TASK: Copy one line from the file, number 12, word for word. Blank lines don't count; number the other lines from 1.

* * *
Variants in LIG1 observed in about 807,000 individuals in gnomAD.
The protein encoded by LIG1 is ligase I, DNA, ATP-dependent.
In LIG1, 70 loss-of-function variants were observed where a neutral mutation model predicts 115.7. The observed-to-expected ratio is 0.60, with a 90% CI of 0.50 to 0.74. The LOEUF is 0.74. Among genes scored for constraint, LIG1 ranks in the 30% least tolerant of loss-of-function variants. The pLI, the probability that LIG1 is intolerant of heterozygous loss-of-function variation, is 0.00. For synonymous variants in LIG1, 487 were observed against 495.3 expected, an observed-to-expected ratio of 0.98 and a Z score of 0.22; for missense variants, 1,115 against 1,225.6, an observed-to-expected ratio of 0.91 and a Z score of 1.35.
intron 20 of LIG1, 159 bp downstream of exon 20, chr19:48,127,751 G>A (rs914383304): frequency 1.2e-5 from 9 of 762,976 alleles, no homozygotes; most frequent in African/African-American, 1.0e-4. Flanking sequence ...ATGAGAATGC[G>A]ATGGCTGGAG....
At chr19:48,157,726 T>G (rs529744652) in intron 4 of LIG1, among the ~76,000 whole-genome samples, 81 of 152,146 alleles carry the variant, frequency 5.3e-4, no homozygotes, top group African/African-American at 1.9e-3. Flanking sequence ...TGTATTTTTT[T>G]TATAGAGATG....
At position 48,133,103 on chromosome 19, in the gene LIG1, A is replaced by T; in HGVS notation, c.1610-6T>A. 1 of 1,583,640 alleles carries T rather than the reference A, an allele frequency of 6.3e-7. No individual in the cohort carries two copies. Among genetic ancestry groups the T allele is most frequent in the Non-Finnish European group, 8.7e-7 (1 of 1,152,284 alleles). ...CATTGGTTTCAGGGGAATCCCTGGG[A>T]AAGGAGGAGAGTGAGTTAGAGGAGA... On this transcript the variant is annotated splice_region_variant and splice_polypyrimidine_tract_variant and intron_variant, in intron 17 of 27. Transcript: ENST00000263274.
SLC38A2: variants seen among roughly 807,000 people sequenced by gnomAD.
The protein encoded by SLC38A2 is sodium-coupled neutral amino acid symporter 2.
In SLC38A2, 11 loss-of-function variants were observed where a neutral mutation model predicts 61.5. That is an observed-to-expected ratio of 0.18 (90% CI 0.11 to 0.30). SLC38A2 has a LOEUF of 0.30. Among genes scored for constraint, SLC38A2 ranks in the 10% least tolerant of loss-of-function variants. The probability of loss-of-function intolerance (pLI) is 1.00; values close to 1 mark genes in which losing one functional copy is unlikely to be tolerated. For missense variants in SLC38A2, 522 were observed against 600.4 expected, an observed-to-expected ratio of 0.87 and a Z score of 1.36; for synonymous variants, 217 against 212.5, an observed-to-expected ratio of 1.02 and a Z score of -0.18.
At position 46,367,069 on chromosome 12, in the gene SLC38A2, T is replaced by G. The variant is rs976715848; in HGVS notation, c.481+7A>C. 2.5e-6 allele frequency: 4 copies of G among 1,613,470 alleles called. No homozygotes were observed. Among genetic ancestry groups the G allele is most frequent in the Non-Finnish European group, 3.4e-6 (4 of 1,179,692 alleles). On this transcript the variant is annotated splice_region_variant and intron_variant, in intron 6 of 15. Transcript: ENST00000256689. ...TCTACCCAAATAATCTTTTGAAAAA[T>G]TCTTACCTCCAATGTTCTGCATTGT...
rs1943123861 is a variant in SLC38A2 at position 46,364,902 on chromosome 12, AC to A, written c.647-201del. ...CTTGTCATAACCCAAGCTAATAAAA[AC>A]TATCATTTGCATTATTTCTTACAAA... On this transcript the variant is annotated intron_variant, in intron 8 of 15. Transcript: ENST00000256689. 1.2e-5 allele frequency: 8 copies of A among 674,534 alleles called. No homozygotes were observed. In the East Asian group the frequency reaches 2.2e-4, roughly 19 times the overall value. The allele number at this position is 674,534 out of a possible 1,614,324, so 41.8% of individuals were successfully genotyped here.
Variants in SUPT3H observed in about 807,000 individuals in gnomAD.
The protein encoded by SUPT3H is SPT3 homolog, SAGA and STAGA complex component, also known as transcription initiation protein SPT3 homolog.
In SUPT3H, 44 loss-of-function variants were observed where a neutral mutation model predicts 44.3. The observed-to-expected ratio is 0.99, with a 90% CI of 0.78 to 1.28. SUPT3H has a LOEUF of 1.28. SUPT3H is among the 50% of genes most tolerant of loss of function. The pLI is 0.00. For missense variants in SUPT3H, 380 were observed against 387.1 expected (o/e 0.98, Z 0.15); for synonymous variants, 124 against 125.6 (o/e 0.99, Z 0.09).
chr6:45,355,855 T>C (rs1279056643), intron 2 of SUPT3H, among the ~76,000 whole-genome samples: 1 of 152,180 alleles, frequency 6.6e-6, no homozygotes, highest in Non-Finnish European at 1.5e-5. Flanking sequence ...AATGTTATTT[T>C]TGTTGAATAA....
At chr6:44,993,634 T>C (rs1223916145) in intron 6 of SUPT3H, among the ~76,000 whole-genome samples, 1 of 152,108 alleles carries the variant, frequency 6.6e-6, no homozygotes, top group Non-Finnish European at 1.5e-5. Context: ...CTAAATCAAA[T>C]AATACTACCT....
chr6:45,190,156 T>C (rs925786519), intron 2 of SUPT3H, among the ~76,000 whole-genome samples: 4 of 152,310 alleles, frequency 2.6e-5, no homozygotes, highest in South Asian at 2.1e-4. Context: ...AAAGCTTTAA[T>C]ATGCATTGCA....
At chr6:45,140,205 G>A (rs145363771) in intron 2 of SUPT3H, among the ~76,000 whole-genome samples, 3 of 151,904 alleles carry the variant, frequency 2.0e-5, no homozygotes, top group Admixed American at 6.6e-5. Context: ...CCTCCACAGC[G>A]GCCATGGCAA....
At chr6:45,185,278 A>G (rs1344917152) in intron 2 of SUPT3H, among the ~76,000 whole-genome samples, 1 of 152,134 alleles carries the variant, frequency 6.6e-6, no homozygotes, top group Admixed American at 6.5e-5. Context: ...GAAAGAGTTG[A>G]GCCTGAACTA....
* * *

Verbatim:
Variants in SUPT3H observed in about 807,000 individuals in gnomAD.